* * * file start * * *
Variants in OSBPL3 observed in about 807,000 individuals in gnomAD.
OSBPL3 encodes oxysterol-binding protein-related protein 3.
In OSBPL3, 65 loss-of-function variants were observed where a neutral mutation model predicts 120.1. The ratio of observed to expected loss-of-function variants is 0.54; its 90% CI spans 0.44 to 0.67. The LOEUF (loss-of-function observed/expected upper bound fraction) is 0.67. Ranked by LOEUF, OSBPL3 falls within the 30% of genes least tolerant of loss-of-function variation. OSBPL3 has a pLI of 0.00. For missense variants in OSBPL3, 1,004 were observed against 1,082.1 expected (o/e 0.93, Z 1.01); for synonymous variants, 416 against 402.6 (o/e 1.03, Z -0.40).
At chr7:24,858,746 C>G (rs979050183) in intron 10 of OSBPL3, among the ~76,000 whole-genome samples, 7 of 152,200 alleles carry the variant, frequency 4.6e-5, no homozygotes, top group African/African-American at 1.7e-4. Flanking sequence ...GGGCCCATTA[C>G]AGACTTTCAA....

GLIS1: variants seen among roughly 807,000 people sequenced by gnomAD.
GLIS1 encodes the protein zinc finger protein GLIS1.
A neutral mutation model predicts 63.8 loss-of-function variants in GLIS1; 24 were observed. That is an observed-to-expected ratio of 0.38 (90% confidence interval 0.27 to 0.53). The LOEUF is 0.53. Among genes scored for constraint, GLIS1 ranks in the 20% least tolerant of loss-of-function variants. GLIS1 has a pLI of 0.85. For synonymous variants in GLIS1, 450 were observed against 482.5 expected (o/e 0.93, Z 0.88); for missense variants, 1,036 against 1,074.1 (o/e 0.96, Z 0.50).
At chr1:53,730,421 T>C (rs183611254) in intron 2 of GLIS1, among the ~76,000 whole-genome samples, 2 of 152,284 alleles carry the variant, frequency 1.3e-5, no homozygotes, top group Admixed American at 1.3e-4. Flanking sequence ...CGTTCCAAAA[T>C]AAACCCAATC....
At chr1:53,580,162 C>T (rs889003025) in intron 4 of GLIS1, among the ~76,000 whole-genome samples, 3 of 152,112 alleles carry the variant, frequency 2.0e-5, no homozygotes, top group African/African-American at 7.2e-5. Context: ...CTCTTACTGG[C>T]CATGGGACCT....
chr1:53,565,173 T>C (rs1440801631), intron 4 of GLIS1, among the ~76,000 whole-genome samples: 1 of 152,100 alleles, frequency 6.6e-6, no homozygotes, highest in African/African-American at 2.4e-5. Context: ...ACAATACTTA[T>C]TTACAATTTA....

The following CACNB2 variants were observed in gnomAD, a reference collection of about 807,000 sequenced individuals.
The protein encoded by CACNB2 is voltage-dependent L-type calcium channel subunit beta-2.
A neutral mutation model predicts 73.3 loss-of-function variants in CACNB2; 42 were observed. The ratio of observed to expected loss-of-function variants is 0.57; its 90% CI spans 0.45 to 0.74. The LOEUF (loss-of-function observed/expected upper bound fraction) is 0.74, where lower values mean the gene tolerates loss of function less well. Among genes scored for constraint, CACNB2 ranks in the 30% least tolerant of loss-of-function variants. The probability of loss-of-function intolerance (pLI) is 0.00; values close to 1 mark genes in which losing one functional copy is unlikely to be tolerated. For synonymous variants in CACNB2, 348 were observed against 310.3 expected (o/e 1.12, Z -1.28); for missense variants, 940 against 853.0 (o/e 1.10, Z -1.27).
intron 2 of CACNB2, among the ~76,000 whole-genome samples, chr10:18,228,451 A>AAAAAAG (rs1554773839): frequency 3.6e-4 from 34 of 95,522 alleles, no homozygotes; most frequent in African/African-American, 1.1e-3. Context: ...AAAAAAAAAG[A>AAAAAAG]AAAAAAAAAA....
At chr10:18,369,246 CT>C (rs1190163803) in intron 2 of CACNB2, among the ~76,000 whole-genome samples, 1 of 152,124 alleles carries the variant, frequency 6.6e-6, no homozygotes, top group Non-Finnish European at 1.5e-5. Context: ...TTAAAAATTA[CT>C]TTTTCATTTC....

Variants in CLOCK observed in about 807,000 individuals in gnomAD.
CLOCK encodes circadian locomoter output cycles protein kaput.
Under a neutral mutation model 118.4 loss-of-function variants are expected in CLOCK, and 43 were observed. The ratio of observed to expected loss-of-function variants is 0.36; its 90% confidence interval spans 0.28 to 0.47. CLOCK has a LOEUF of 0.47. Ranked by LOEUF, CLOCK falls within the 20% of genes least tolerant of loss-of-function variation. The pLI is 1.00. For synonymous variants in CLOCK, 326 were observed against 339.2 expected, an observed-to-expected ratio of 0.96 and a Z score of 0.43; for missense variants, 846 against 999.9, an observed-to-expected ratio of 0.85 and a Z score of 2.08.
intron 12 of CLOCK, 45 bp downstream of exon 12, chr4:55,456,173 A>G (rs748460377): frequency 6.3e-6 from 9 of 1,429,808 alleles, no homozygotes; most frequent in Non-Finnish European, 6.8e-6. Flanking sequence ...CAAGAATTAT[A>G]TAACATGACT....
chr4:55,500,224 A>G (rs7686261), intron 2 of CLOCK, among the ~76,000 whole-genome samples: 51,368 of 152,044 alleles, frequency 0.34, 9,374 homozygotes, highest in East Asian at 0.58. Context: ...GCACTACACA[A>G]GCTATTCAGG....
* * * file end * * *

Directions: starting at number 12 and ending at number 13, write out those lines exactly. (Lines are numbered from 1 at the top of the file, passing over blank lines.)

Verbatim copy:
The protein encoded by CACNB2 is voltage-dependent L-type calcium channel subunit beta-2.
A neutral mutation model predicts 73.3 loss-of-function variants in CACNB2; 42 were observed. The ratio of observed to expected loss-of-function variants is 0.57; its 90% CI spans 0.45 to 0.74. The LOEUF (loss-of-function observed/expected upper bound fraction) is 0.74, where lower values mean the gene tolerates loss of function less well. Among genes scored for constraint, CACNB2 ranks in the 30% least tolerant of loss-of-function variants. The probability of loss-of-function intolerance (pLI) is 0.00; values close to 1 mark genes in which losing one functional copy is unlikely to be tolerated. For synonymous variants in CACNB2, 348 were observed against 310.3 expected (o/e 1.12, Z -1.28); for missense variants, 940 against 853.0 (o/e 1.10, Z -1.27).